Tobold's Blog
Sunday, May 26, 2019
Defining the social contract

If you play Dungeons & Dragons with different groups or a group where people leave and join over time, it isn't uncommon to run into situations where different players have different opinions on how the group and its members should act. The often cited example is a group of "good" heroes with one player wanting to play an "evil" character. And while the game rules can give you a pretty good idea what the effect of a fireball spell on a group of peasants and their village would be, the question of whether the group should burn down that village is not covered by those rules, but by a social contract which is much less well defined.

Many groups have two bad habits in that regard: The first is that a player can announce any action without checking with the other players before, and that actions stands and can't be reversed. Thus the wizard who got insulted by the peasant and announces the action to cast the fireball on the village has effectively decided for the whole group, without their consent. Maybe the other players wanted to play the campaign in which they rescue the princess and become renowned heroes, not the campaign in which they are hunted by the king's forces as outlaws. The second bad habit is that players often avoid stating what they want, but hide behind their characters ("My wizard is very proud, so I had to burn down the village when I got insulted").

My current Rage of Demons campaign is nearing the end, and we decided that we would play a 5th edition Zeitgeist campaign after that. Now in Zeitgeist I don't even use alignment, good and evil, as many of the conflicts in it, e.g. technology vs. magic, or industrialists vs. unions, would be very difficult to fit into the straight-jacket of the simplistic D&D alignment system. That gives a lot of room for conflict between players. And as this is the group which had in another campaign an experience with a very disruptive player, I thought it would be helpful if I define the social contract a bit better before we even start.

My proposal will be to allow any player (including the DM) at any time to call for a timeout, to discuss "out of character" a situation, or an action that has been announced. The group must then come to an agreement, by majority. That agreement can stop or reverse the announced action, e.g. "no, you don't cast fireball on the village". That is even true if the character of the player who announced the action is alone, and "in game" the group couldn't possibly intervene. The characters can agree to disagree, but then have to come up with a compromise (e.g. the wizard is allowed to harm the insulting peasant in a more subtle way that can't so easily be traced back to the party).

The underlying reason for this rule is that Dungeons & Dragons is a game of interactive storytelling, and every player (not their characters) must feel comfortable with the story that is being told. I do hope that the rule that I impose in this particular campaign will also be adopted as a "best practice" for other campaigns we are playing.

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You could frame it as representation of what group might want/react modelled in character's head before he does his action.

People often do that to fight immediate impulses.
That sounds like the flat-out weirdest set-up for a roleplaying game campaign I have heard of in almost forty years. It's takng the concept of "interactive storytelling" to an astonishing extreme. You're effectively re-casting a roleplaying game as a series of business meetings between executive producers of a movie or stage production, in which a group of people with responsibility for structure and narative outcomes negotiate between each other to find the least-disliked option, which they then give to the performers (the characters) to carry out, those performers having no input or say in the end result.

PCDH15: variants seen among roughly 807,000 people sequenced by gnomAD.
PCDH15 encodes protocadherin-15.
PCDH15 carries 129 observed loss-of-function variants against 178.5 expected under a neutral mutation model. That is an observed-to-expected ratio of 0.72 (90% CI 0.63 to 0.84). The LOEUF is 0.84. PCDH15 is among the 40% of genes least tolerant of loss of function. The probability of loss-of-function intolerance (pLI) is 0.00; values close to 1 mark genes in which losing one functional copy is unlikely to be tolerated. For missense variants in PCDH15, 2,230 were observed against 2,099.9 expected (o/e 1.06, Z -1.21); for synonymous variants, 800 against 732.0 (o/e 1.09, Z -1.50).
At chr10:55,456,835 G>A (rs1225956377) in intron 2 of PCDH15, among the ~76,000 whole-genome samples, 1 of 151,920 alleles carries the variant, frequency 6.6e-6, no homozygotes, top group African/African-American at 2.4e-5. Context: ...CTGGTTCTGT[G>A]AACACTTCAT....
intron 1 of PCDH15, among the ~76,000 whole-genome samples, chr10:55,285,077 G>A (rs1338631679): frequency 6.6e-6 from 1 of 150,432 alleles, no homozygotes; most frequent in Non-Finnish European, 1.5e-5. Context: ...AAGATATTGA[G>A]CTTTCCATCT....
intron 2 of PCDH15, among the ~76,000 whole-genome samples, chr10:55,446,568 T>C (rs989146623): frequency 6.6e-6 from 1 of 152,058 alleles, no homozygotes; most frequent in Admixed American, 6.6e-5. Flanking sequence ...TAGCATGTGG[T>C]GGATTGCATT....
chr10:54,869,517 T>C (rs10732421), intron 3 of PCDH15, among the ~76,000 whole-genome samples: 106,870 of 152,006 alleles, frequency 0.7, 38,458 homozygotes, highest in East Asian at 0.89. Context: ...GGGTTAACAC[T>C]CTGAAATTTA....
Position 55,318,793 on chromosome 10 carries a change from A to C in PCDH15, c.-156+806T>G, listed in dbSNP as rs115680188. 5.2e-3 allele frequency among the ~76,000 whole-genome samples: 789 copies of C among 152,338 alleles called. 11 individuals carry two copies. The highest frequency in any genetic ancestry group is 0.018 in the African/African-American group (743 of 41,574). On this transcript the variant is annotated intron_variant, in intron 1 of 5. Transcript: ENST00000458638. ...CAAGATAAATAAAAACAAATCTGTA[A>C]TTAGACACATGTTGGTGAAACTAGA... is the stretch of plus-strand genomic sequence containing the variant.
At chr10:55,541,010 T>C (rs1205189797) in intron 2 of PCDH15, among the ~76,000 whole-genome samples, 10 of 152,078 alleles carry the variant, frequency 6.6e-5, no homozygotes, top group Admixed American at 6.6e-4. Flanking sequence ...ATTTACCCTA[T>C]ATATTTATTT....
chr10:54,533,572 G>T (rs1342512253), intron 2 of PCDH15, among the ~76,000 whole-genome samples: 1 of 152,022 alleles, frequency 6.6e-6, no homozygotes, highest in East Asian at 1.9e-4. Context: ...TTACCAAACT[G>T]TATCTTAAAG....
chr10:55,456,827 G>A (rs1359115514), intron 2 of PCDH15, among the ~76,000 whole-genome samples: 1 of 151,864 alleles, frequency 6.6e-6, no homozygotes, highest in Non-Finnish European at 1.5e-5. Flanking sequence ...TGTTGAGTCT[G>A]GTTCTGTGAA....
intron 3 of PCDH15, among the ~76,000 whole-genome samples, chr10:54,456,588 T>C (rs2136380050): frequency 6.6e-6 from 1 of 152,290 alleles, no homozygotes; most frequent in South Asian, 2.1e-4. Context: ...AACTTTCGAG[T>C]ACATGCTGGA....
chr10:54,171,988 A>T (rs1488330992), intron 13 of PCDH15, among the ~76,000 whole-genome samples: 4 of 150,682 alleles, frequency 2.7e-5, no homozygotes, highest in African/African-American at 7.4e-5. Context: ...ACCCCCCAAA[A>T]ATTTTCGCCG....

I'm not saying it wouldn't work as means of producing a consistent and unified final narrative but it seems to be the antithesis of both "roleplaying" and "game".

Heh! That's one way to put it.

I would point out that the performers never had a say in the first place, as they're just sheets of paper and can't think. It was always the "group of people with responsibility for structure and narrative" that was doing the thinking for them. It's also ON THEM to not mess up the scenario for the others.

I would argue that another choice is to allow the players to do what they want, but have it catastrophically backfire on them story wise if they choose wrong. They fry the village? Whoops. Scenario over as whatever they needed in that village is gone.

Sure, you can allude to this as DM with subtle direction (You were looking for something.) or "Duh. Allies" as in "The villagers are friends with the town." (That the players need.)
Huh, I don't imagine I'd ever tell a player, "No, you don't do that. We took a vote." A player's character is theirs, not ours. I'd be interested in hearing what your players think of that.

However, I definitely agree with announced actions not being set in stone, and making sure that your players know they can object to another player's intended action before it happens.
After all, we are all playing this game together.

If that player still insists on burning down the village, even knowing that everyone else at the table isn't okay with that, then you have an issue that'll take more than a new rule to solve. If they want to be disruptive and contrary, they'll find a way.
You could make a rule at the start that players can only play characters that think before they act in ways that will harm the party.

It's not unreasonable - an actual adventuring would implicitly or explicitly impose such a rule. For most parties, it wouldn't be worth taking along a wizard who might randomly burn villages.